Philosophy, a grant supplemented by some teaching; one year as university
temporary lecturer in philosophy; one year in Paris on a Leverhulme European
studentship; one year as a Liberal Studies lecturer in a technical college; a
few months as a British Film Institute research fellow in television studies; a
few months being ill (hepatitis); working
as a waiter for a summer; one year teaching history and social studies
in a comprehensive school; nine months as a youth and community worker; nine
months writing and completing an M Phil dissertation, partly funded by
part-time university teaching of political theory; a year as a senior lecturer in
Communication Studies - the salary from that when added to my partner's big enough to secure us our first mortgage, aged thirty.
In this period, I also edited one book (Counter Course, Penguin Education 1972),
wrote another (the Language, Truth and
Politics of 1975) and published a small research monograph (Television and the February 1974 General
One of the generally
recognised positive features of not settling straight into a defined career
path (and lots of people didn’t), was that every time you changed job you could
TAKE OUT YOUR PENSION, all that money they had taken off you against your will
and which you could now reclaim and use to pay down debts or go on holiday. It
was wonderful. It’s only now, coming across the thinking of the new generation
in The White Review, that I realise I
should have been thinking of myself as belonging to some Precariat, not knowing
where my next meal was coming from. I should have been afraid for the future
and angry in the present. I am not quite convinced. I was young and making the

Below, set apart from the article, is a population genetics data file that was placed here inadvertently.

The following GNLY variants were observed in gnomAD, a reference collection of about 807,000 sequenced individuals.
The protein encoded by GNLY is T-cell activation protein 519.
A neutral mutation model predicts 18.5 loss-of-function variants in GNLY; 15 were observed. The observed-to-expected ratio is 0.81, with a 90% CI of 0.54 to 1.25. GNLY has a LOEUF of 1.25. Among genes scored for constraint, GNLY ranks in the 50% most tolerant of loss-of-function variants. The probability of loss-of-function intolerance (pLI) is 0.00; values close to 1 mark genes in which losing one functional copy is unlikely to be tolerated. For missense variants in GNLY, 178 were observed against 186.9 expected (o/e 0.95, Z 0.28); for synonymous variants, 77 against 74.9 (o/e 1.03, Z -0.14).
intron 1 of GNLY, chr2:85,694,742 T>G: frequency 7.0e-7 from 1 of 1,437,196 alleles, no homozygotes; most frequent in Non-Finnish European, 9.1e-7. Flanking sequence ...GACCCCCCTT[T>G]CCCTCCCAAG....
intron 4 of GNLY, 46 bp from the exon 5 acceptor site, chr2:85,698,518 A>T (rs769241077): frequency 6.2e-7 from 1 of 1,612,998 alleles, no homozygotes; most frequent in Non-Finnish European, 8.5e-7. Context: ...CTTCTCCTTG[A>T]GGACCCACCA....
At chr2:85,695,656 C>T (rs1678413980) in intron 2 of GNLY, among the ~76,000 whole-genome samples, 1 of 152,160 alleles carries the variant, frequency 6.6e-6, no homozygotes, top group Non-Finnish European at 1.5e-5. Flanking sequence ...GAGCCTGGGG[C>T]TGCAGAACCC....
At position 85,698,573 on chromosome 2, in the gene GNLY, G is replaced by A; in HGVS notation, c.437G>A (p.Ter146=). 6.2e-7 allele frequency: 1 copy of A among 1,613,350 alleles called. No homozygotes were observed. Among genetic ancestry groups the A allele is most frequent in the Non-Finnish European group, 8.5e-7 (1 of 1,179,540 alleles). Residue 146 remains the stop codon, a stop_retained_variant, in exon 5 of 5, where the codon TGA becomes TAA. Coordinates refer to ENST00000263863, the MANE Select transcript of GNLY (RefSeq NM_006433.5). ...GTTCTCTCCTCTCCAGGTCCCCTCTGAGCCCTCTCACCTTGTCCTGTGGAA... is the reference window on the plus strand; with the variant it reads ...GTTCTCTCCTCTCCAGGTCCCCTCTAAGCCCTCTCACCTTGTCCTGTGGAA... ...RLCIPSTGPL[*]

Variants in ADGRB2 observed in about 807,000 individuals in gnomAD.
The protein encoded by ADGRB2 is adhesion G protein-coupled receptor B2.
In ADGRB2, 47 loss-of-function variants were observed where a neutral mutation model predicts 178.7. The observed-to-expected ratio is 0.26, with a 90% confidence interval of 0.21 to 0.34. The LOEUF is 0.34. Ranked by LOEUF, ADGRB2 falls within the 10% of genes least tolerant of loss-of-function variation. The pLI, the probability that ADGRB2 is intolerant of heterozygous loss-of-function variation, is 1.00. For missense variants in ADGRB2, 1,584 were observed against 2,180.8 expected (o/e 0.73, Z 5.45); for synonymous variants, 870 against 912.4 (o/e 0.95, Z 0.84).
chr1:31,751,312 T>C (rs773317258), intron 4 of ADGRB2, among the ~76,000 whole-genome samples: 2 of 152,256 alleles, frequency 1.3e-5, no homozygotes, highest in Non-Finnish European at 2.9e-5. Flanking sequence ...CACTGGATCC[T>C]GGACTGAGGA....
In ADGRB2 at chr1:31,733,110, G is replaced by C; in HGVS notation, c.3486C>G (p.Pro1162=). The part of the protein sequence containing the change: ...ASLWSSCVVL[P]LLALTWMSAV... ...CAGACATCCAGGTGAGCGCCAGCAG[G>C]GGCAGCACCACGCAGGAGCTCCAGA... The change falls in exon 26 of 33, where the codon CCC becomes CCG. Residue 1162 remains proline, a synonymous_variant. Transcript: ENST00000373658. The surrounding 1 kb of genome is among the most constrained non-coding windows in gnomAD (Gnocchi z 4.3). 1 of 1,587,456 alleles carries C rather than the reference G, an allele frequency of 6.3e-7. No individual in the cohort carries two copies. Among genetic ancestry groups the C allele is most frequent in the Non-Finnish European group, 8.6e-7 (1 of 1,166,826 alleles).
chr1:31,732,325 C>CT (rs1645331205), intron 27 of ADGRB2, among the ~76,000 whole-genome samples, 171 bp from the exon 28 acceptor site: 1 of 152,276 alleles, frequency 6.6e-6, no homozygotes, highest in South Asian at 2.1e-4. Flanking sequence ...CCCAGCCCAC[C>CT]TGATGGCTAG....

most of it and I hope there are people still doing that. But let’s briefly look at what
else the Roundtable can come up with “On Universities”.
The discussion goes off
into a series of complaints about the marketization of higher education, the
casualisation of labour, students as consumers, failures of diversity and
equality policies, and quite a lot about sexual harassment. There is nothing
about the curriculum, where maybe they think Problem Solved, and really only
Beaumont tries to integrate the discussion into something resembling a theoretical discourse (in Beaumont’s case, broadly Marxist). Yaqoob takes the role of hands-on union representative.
I found the content
unremarkable and conformist, except in interesting remarks made by Capildeo. Capildeo
challenges the religious language of “vocation” but also says
about sexual harassment that, in contrast to some other approaches,“a straight down the line witch hunt would be a progressive move”. In a context where Twitter is spoken of in positive terms - something quite new to me - (“It’s that thing of following the right people” -
Charman), I hope that Capildeo is simply being provocative.
Two academics from
Cambridge (Charman and Yaqoob), one from UCL (Beaumont), and Capildeo from Leeds didn’t come across overall as
a strong university challenge team. Disappointing. I think the poor deserve
better for their lottery tax.